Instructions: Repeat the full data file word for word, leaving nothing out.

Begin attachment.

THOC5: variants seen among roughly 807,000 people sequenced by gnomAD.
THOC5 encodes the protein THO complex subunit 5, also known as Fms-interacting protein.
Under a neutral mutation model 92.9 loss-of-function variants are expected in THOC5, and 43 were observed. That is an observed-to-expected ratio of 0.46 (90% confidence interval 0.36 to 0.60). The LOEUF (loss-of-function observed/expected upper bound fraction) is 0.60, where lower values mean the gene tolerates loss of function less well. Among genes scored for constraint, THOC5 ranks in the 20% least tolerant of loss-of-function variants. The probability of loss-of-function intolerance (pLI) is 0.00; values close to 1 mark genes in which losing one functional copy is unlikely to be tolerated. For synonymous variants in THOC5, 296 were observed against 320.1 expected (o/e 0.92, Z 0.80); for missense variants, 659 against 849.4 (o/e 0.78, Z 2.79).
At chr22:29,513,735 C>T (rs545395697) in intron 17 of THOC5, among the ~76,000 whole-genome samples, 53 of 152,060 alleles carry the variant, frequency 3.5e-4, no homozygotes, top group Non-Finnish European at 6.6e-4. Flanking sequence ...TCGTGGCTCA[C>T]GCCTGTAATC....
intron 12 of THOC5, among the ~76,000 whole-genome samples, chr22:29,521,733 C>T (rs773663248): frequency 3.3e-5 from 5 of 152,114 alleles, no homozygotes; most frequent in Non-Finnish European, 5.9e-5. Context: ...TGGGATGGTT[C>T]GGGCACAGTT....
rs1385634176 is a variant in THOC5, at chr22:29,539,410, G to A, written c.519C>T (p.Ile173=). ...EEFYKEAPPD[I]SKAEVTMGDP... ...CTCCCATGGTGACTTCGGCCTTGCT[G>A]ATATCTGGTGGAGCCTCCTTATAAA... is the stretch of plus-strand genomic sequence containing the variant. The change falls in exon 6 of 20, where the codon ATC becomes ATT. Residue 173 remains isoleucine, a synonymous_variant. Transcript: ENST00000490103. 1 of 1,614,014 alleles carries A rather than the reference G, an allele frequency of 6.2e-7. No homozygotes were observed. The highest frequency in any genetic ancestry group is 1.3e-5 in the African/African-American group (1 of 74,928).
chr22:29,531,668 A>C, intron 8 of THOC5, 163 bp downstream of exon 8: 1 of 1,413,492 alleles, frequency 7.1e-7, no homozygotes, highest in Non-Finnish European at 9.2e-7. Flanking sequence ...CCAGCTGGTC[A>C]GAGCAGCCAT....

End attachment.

THOC5: variants seen among roughly 807,000 people sequenced by gnomAD.
THOC5 encodes the protein THO complex subunit 5, also known as Fms-interacting protein.
Under a neutral mutation model 92.9 loss-of-function variants are expected in THOC5, and 43 were observed. That is an observed-to-expected ratio of 0.46 (90% confidence interval 0.36 to 0.60). The LOEUF (loss-of-function observed/expected upper bound fraction) is 0.60, where lower values mean the gene tolerates loss of function less well. Among genes scored for constraint, THOC5 ranks in the 20% least tolerant of loss-of-function variants. The probability of loss-of-function intolerance (pLI) is 0.00; values close to 1 mark genes in which losing one functional copy is unlikely to be tolerated. For synonymous variants in THOC5, 296 were observed against 320.1 expected (o/e 0.92, Z 0.80); for missense variants, 659 against 849.4 (o/e 0.78, Z 2.79).
At chr22:29,513,735 C>T (rs545395697) in intron 17 of THOC5, among the ~76,000 whole-genome samples, 53 of 152,060 alleles carry the variant, frequency 3.5e-4, no homozygotes, top group Non-Finnish European at 6.6e-4. Flanking sequence ...TCGTGGCTCA[C>T]GCCTGTAATC....
intron 12 of THOC5, among the ~76,000 whole-genome samples, chr22:29,521,733 C>T (rs773663248): frequency 3.3e-5 from 5 of 152,114 alleles, no homozygotes; most frequent in Non-Finnish European, 5.9e-5. Context: ...TGGGATGGTT[C>T]GGGCACAGTT....
rs1385634176 is a variant in THOC5, at chr22:29,539,410, G to A, written c.519C>T (p.Ile173=). ...EEFYKEAPPD[I]SKAEVTMGDP... ...CTCCCATGGTGACTTCGGCCTTGCT[G>A]ATATCTGGTGGAGCCTCCTTATAAA... is the stretch of plus-strand genomic sequence containing the variant. The change falls in exon 6 of 20, where the codon ATC becomes ATT. Residue 173 remains isoleucine, a synonymous_variant. Transcript: ENST00000490103. 1 of 1,614,014 alleles carries A rather than the reference G, an allele frequency of 6.2e-7. No homozygotes were observed. The highest frequency in any genetic ancestry group is 1.3e-5 in the African/African-American group (1 of 74,928).
chr22:29,531,668 A>C, intron 8 of THOC5, 163 bp downstream of exon 8: 1 of 1,413,492 alleles, frequency 7.1e-7, no homozygotes, highest in Non-Finnish European at 9.2e-7. Flanking sequence ...CCAGCTGGTC[A>C]GAGCAGCCAT....